The Bible asserts that it is God's infallible, authoritative revelation to mankind. It claims to reveal truth that can be known in no other way. How did we actually get the Bible? And how should we study it today?
The Bible is unique. Few people have read it, but most have an opinion about it. The Bible asserts that it is God's infallible, authoritative revelation to mankind. It claims to reveal truth that can be known in no other way.
There are dozens of different translations of the Bible, with new ones coming out regularly. Some purport to be scholarly works, reflecting the words of the oldest manuscripts. Others are "trendy"—catering to modern values and special interests. Is one as good as another, or do we need to be careful of certain translations? These are all important questions that demand accurate answers for those who are considering taking the Bible seriously as a guide for life.
The portion of the Bible that we commonly call the Old Testament was completed in the days of Ezra the Priest and Governor Nehemiah, about 420bc. Ezra was sent by King Artaxerxes of Persia to Jerusalem in 457bc with the temple scrolls and other treasures which had been kept in Babylon since the days of Nebuchadnezzar (Ezra 7:14). Ezra came back to teach Scripture to the people (v. 10) and to institute religious reform for people who were on the verge of losing their very identity and absorbing the syncretistic paganism of their neighbors. About thirteen years after Ezra's return, Nehemiah returned as governor and had the authority to insist that Ezra's reforms be carried out.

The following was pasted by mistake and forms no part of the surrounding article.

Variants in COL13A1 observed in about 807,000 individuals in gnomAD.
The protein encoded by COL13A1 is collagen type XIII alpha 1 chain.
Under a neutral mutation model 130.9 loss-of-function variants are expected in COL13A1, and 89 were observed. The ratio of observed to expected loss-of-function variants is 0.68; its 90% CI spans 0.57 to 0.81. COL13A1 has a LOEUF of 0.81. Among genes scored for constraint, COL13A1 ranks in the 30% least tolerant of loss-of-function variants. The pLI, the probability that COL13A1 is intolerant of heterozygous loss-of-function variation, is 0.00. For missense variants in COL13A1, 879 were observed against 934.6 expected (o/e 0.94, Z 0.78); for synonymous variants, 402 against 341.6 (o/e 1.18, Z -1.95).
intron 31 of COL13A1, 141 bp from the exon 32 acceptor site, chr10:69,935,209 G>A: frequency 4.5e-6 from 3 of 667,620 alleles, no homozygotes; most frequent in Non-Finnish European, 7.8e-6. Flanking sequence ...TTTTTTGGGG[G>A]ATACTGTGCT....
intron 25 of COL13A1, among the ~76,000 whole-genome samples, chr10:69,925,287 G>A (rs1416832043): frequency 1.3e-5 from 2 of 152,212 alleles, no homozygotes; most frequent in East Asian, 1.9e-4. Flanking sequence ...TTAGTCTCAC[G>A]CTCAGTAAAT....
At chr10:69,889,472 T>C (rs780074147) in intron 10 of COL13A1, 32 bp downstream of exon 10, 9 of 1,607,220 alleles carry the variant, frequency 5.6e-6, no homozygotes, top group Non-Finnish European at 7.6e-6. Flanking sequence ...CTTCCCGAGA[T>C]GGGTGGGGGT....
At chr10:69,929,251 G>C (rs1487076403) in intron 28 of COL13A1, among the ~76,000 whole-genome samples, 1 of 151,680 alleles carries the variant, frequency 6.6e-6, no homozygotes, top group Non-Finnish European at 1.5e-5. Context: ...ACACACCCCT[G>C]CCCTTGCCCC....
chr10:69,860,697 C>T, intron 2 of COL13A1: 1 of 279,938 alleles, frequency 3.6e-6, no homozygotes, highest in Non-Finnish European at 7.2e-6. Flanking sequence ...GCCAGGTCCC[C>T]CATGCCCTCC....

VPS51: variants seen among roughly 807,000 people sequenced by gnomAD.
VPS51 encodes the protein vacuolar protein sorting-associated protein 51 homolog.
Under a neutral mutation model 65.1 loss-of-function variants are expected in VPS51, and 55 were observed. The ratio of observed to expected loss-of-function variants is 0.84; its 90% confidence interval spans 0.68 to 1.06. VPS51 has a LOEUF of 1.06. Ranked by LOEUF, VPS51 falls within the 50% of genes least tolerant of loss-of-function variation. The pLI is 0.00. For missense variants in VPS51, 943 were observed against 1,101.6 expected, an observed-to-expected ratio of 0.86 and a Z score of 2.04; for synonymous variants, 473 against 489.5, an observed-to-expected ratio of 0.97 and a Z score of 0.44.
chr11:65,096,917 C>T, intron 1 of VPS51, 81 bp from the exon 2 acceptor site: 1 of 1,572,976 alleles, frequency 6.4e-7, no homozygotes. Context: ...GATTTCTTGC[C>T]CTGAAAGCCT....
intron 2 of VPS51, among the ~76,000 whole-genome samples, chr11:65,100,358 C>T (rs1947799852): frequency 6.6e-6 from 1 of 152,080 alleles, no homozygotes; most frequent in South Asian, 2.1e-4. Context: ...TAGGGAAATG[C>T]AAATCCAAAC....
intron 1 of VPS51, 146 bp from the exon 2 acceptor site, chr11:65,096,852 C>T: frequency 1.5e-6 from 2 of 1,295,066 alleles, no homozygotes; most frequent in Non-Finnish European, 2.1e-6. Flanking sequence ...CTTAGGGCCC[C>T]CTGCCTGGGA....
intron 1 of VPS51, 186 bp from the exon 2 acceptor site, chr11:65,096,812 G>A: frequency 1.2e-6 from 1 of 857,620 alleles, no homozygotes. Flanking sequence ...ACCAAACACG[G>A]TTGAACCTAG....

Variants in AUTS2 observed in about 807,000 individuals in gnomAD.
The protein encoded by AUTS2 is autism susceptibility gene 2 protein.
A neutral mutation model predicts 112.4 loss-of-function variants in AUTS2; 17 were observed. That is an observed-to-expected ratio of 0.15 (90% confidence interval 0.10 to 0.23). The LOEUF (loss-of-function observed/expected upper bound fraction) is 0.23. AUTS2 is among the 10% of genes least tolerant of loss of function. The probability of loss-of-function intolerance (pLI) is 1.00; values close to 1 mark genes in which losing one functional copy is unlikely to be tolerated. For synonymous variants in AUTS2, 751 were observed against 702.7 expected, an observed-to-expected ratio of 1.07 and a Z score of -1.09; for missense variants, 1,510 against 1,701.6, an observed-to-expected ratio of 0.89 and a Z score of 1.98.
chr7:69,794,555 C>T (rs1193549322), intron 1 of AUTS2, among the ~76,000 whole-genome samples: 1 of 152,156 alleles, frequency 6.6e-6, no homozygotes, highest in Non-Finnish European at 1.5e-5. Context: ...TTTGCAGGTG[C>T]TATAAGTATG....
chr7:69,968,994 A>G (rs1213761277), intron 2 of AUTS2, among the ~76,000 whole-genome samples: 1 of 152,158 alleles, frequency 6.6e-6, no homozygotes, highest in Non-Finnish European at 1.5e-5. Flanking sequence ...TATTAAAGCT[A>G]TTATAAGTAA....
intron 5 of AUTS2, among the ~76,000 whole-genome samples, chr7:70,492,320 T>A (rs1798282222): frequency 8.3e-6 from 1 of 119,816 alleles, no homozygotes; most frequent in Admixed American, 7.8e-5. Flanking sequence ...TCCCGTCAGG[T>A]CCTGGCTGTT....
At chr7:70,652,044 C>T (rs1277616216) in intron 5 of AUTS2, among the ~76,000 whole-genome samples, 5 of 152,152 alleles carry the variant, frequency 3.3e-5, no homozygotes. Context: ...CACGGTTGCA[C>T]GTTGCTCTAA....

The first century Jewish historian and priest, Flavius Josephus, recorded the history of the Hebrew Scriptures and contrasted them to the Greek writings extant in his day. "For we have not an innumerable multitude of books among us, disagreeing from and contradicting one another [as the Greeks have], but only 22 books… which are justly believed to be divine…" (Against Apion, 1, 8). Josephus went on to state that the Jewish scriptures had been compiled in their final form in the days of King Artaxerxes, who reigned in the days of Ezra and Nehemiah. He emphasized that, while many books had been composed among the Jews since that time, they were not considered to have divine authority, because there had not been a succession of prophets since the time of Malachi, a late contemporary of Ezra and Nehemiah. In addition to Josephus, the book of 1 Maccabees (second century bc), writings by the first century ad philosopher Philo, and traditions preserved in Seder Olam and the Talmud (ancient commentaries) all testify to a fixed canon since the time of Ezra.
The 22 books mentioned by Josephus correspond to the books of our Old Testament—normally counted as 39 books in modern translations. The difference in number is because of a difference in the way the books were counted. The 12 Minor Prophets, for instance, were kept on one scroll in Hebrew, and were counted as simply one book, not as 12 separate ones. There are several other combinations as well.